Well hello again. After an astonishing absence, I’m back. My apologies–especially to Mr. Shoffner, who I think is the only person who reads these. This is a very exciting time in research, especially in astronomy, so I had to get back on my game now.
My hiatus began when I was sent to Turkey on assignment with the US Geological Survey. It was an amazing place (and the reason I got out of the habit of writing here), so I’ll give you the short version.
The US Geological Survey is a partner in the Department of Defense Task Force for Business Stability Operations in Afghanistan. As part of this partnership, we were tasked with training the Afghanistan Geological Survey in the operation of their equipment and assistance in the interpretation of their collected data. To this end, we met 8 of their geoscientists in Istanbul, Turkey. The idea was that we would have a few days of classroom work, and then get on the party bus to Susehri (Sivas Province) and do some field work with Eurasian Minerals. That was put on hold as our friends at FedEx finally delivered our equipment 11 days late. But I digress.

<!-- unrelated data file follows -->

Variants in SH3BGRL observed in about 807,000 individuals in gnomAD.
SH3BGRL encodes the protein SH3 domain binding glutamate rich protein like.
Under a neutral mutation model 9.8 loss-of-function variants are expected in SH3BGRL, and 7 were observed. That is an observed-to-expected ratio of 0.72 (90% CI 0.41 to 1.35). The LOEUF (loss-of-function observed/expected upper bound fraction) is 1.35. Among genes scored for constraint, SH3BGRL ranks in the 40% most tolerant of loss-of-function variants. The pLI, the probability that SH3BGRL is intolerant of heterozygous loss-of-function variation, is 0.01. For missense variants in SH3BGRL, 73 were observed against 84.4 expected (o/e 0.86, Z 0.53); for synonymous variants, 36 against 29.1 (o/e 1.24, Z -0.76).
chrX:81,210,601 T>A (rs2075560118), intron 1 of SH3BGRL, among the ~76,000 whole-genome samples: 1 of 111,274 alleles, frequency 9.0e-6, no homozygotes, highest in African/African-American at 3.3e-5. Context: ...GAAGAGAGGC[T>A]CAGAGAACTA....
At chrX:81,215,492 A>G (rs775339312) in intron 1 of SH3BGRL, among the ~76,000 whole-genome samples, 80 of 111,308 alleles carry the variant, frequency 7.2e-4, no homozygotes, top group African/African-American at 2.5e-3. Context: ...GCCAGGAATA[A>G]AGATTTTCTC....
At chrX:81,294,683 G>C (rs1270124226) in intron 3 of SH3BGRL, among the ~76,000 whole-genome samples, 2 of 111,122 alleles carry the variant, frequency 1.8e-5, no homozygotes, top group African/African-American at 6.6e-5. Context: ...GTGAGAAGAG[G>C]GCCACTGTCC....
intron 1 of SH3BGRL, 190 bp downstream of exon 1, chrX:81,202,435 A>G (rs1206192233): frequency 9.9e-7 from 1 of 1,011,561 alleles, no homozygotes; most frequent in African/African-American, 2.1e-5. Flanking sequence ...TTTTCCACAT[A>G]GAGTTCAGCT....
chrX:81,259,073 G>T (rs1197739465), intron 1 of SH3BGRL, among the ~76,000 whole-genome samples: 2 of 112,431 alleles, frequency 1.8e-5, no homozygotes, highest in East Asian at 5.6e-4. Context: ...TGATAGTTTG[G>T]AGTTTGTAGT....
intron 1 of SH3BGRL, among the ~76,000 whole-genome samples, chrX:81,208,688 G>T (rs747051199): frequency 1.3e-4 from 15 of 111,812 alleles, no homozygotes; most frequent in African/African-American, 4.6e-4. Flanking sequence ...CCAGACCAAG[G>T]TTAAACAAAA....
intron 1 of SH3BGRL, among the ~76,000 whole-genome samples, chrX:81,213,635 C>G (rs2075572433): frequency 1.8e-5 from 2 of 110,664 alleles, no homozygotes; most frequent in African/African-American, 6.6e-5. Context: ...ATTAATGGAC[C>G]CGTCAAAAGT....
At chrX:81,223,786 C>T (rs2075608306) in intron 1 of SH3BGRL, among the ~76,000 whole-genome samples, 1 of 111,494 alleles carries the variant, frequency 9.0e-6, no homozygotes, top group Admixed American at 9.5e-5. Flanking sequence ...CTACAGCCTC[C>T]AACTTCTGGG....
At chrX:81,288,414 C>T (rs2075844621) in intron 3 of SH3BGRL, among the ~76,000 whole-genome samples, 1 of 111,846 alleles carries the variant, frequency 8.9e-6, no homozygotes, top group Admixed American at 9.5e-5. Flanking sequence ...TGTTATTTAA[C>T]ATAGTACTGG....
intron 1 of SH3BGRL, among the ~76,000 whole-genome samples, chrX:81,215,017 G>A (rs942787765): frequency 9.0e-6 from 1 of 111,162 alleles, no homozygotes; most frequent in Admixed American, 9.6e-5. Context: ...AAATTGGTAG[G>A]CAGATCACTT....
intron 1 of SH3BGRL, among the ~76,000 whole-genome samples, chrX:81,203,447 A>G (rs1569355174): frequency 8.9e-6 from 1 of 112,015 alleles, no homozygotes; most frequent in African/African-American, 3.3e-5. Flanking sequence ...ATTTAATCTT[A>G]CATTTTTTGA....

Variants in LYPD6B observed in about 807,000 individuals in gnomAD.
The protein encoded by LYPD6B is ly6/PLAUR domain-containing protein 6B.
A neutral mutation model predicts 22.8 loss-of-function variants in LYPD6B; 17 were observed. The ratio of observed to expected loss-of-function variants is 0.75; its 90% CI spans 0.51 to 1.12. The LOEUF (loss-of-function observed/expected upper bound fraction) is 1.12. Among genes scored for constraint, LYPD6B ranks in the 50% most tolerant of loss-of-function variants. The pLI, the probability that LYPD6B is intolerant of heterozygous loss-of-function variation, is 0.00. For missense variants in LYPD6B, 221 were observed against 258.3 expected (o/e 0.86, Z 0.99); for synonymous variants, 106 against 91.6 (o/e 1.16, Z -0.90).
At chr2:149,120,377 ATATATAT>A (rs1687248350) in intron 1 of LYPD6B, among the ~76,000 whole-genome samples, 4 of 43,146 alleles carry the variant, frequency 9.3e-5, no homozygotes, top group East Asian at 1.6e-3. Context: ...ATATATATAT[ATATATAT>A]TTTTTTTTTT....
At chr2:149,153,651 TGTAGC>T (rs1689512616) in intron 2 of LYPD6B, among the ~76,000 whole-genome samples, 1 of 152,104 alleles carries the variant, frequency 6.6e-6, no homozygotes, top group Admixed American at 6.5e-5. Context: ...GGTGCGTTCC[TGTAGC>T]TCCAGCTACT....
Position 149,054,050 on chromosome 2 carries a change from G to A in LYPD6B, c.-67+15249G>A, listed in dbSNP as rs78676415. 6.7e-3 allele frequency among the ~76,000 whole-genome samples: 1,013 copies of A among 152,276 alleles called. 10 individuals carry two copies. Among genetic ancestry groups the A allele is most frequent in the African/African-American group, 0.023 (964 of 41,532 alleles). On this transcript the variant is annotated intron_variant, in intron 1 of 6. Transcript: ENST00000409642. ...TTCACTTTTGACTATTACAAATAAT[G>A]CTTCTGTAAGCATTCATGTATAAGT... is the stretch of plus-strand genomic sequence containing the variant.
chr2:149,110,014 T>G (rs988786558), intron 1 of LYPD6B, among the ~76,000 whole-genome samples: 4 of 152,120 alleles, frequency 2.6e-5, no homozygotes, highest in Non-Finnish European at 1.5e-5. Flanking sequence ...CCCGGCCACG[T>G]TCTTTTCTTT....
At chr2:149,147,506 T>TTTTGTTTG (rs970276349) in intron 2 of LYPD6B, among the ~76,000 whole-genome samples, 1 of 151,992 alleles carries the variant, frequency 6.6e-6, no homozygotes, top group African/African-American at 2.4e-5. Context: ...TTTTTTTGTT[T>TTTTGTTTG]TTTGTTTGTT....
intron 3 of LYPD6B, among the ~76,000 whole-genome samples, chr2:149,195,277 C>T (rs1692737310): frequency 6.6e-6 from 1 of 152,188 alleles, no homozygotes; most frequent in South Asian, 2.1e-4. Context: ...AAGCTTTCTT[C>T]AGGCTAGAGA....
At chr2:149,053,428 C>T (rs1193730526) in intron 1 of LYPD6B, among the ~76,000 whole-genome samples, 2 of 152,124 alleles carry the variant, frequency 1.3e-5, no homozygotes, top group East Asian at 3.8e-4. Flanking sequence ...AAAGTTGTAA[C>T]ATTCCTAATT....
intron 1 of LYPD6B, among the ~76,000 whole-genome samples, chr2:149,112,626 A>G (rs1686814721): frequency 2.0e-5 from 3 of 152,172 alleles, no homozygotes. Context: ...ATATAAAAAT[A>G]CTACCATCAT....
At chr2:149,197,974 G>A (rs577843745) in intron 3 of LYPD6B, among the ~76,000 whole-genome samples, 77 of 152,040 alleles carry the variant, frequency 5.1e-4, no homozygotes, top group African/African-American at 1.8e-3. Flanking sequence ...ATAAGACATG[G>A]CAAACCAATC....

Ultimately we made it out to the field site, an achingly beautiful part of Turkey right on the North Anatolian Fault. The field site was up in the mountains, a terrifying hour drive away.
While there, we performed a variety of geophysical surveys in order to attempt to define the subsurface geometry of a copper deposit in the area. The terrain and complicated geological regime made this extremely difficult.
The copper outcrops were fabulous–spectacular quartz and malachite mineralisation. Even a bit of silver ore sprinkled in.
The best part, however, was not the geophysics or even the beauty of the Anatolian Peninsula. Rather it was the friendships forged in this time. I often worry about them–living in Kabul isn’t the easiest, but I still regularly speak to two of the guys, and I hope to see them again.